Regardless of the language, you can’t just learn a language for the sake of it. It doesn’t make sense to learn English if you don’t use it. In as much as I would hope my child learns vernacular, if they don’t use it (at home, school or otherwise) there’s no point to learning it. It’s no different to those people that “learnt” French but can’t even string together a sentence, or tell you what was said in the French dialogue of a movie. They and my non-French speaking self are the same at the end of the day. If those people had day-to-day use for French, they would be applying it efficiently today. Vernacular languages must grow to retain relevance for day-to-day use.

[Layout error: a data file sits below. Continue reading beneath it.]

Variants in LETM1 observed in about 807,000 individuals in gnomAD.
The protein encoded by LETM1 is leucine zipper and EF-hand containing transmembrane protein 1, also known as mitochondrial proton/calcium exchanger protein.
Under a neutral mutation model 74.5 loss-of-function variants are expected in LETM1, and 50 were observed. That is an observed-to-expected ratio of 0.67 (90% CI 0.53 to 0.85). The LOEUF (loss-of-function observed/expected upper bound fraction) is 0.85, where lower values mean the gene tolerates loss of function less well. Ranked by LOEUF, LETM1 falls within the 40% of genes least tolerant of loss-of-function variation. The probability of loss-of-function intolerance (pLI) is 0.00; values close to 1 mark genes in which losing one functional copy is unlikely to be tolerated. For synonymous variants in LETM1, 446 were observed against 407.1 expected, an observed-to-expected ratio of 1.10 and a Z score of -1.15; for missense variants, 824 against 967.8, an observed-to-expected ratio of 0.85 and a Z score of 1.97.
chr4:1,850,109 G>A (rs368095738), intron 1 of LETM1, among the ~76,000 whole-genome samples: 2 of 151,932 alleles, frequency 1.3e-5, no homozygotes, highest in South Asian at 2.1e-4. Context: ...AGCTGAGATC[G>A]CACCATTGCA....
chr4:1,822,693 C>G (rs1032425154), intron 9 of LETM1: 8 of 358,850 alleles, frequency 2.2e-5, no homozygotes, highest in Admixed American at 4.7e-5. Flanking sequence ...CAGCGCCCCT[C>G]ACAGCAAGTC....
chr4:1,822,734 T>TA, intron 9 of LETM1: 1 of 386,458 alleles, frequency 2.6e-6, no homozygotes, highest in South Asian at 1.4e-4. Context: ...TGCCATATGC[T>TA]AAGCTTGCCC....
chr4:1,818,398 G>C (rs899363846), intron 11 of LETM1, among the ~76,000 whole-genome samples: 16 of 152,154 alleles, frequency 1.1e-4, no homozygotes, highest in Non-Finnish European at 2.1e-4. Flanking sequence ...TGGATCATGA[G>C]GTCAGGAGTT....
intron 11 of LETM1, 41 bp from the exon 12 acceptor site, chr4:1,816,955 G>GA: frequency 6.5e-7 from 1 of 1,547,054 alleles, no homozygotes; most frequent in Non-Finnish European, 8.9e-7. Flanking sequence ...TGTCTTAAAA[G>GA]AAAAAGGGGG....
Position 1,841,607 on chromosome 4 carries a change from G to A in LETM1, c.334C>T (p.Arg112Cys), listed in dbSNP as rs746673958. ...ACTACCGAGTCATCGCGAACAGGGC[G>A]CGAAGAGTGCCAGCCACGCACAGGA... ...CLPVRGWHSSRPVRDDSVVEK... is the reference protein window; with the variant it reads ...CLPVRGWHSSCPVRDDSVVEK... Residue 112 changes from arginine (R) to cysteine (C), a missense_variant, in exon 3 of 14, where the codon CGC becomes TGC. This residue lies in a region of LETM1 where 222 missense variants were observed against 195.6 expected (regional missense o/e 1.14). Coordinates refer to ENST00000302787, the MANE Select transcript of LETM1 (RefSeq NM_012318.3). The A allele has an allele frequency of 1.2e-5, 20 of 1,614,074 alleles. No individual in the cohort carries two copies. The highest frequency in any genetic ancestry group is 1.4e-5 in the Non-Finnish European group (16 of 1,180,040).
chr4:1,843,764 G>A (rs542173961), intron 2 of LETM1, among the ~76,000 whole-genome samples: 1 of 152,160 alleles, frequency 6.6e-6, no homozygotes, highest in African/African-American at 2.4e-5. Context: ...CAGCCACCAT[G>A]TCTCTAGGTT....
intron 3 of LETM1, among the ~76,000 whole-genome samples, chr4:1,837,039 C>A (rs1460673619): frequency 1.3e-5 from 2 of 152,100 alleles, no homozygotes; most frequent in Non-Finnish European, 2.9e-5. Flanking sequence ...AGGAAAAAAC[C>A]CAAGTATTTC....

It was proposed to use local languages for instruction in schools, and one of the issues was to do with practicality. Presuming you speak Shona. Say the following in Shona to another Shona speaker and see how long it’s take them to understand you.

        From :
        The number π is a mathematical constant, the ratio of a circle’s circumference to its diameter, commonly approximated as 3.14159

        1. Tinashe Nyahasha

          Yea I heard about the initiative to push vernacular as languages of instruction. It’s actually led by the UN around the world. I don’t know about the practicality of such for example in the context you sighted above.

          I do think even if the child does not use vernacular at home it remains useful to thembecause the greater society uses vernacular. I therefore remain adamant that vernacular should not be discouraged in school. Let the language be respected or even encouraged